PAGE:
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Pretty much the title, I have searched it on the internet but couldn't find a conclusive answer. Most I could find were elementary-level English lessons.

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    It's grammatically correct, but "Is the item unreliable?" would probably be more idiomatic. Commented Mar 16, 2022 at 13:25
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    It might have occurred in Victorian English, but nobody frames their question like that today. We always use "do-support" nowadays, as Does the item have low reliability? There are better ways of asking the same thing (Is the item reliable?), but they're just stylistic choices that are all well within the bounds of "acceptability". But even though your version is syntactically "valid", it's just not something people say today. Commented Mar 16, 2022 at 13:39
  • @FumbleFingers - I still do say e.g. 'Has the cat a new collar?' but I have learned to tone it down amongst spoken-language prescriptionists to avoid tedious debate. Commented Mar 16, 2022 at 17:45
  • "It might have occurred in Victorian English". That reminds me. I must get my manservant to shave my mutton-chop whiskers. Commented Mar 17, 2022 at 10:02
  • @MichaelHarvey: That surprises me. For years I've been telling people (primarily, Americans) on this site that they're at least a century behind the times when they claim that Brits still ask Have you a light? (as opposed to Have you got a light?). I see from your profile that you're Bristol-based. I've always lived in the SouthEast, but with strong family ties to the NorthEast and NorthWest. I wonder if the "older" phrasing has tended to endure more in the SouthWest? For which my personal experience is little more than a few UK-based holidays when my children were young. Commented Mar 17, 2022 at 13:24

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"Reliability" is the quality of being reliable. A person or thing has or possess qualities, for example:

  • I have high blood pressure.
  • Do you have high blood pressure?

Your question is perfectly acceptable, although a clearer version might be:

Does the item have low reliability?

You could also ask "is the item reliable?" (or unreliable), but that is open to wider interpretation. For example, a car might be described as "reliable" if it is mostly reliable. Asking if something has "low reliability" is more specifically asking if something is often unreliable.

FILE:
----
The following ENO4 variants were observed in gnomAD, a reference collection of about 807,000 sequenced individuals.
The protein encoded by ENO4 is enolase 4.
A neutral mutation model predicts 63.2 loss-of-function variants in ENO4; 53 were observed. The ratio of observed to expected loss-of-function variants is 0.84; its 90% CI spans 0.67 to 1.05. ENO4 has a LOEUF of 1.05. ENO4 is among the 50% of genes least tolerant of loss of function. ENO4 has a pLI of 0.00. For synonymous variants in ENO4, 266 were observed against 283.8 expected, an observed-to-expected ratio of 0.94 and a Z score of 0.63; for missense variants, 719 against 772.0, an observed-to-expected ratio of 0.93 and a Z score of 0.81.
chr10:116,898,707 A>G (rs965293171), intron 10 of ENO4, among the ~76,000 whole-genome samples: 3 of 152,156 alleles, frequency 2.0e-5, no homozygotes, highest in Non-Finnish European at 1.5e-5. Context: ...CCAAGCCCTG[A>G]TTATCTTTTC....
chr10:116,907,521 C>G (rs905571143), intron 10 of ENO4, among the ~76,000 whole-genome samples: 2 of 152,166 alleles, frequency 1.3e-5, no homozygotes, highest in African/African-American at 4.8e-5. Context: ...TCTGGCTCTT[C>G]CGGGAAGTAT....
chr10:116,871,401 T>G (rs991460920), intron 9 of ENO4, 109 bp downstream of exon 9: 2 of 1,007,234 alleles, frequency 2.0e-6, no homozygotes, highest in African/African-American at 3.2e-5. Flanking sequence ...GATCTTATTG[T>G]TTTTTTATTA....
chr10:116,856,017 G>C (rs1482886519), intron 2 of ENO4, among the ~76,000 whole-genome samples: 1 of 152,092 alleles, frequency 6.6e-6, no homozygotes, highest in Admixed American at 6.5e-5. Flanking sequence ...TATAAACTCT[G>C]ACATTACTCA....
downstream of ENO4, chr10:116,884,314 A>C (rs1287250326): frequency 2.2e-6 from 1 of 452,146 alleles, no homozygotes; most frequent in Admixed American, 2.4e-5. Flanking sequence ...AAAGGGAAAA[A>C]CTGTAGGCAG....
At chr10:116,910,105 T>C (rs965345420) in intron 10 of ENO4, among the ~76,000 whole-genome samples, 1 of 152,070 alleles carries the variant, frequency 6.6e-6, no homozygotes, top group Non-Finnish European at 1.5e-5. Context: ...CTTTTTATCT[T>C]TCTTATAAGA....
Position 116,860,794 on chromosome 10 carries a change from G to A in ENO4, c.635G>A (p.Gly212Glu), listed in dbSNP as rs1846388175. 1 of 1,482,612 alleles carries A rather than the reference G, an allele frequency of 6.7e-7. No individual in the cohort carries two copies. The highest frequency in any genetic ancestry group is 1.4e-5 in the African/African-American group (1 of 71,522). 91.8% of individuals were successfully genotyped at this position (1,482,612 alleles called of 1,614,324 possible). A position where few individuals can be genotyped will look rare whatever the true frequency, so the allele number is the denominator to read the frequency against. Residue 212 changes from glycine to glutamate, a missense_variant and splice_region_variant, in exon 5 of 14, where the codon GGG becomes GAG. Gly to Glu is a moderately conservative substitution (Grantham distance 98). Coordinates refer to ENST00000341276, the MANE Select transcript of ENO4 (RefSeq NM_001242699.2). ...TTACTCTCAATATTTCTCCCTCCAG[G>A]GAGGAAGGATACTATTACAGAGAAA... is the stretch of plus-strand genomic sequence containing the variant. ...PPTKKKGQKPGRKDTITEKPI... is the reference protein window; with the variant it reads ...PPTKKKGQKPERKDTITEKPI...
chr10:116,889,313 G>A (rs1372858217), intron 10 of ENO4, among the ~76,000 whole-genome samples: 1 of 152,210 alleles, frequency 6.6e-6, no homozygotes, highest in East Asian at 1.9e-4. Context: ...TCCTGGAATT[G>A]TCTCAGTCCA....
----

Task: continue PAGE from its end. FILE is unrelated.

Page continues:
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  • So it is not the preferred version per se, but more on the acceptable side?
    – Stausse
    Commented Mar 16, 2022 at 13:32
  • @Stausse It's more than acceptable - it sounds more like an abbreviated form of a question, such as you might find on a questionnaire. In spoken English, most people would phrase it as per one of my other suggestions.
    – Astralbee
    Commented Mar 16, 2022 at 13:33
  • I don't think it's acceptable as a question without the the "does".
    – JavaLatte
    Commented Mar 16, 2022 at 13:49
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The sentence is not grammatically correct. When you ask a question, you invert the subject and the auxiliary verb:

I can come tomorrow. - statement
Can I come tomorrow? - question

If there is no auxiliary verb, you add do as a dummy auxiliary:

You know what I mean, - statement
Do you know what I mean? - question

In some sentences, have is an auxiliary verb, and can be used for subject-auxiliary inversion. For example, in the following sentences, seen is the main verb and have is an auxiliary verb.

You have already seen this film - statement
Have you already seen this film? - question

Compare that with your sentence, where there is no other verb, so have is the main verb and you cannot do subject-auxiliary inversion with it. Here is the sentence as a statement:

The item has a low reliability.

Because the sentence has no auxiliary verb, you must add do as an dummy auxiliary if you want to make a question:

Does the item have a low reliability?

For British English, there is another way of dealing with the problem of have as a main verb: you can add got as the main verb, and then have becomes an auxiliary verb:

Has the item got a low reliability?


Note that, as others have pointed out, this is not a natural way of asking the question: something like this would be more natural.

Is the item reliable?

Due to a quirk of English, the be-verb is behaves as an auxiliary even when there are no other verbs in the sentence.

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    To begin a question with has it/he/she is not ungrammatical, just old-fashioned. This GoogleNgrams search shows how the use has declined, but modern examples include "Has he a nickname?" and "Has he a special aptitude?" Commented Mar 16, 2022 at 14:17
  • @KateBunting - perhaps considered less old-fashioned in UK English. Also, I am 70 in a few weeks, and at my infants' and junior school (not private or posh) in south London, the teachers made great efforts to eradicate the 'have got' form, without much success, it has to be said. Commented Mar 16, 2022 at 17:35
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    @MichaelHarvey - I'm already 70, and I remember a humorous children's grammar book circa 1960 which declared "Got is a weed which grows in sentences" (such as I have got an apple). Commented Mar 17, 2022 at 9:36

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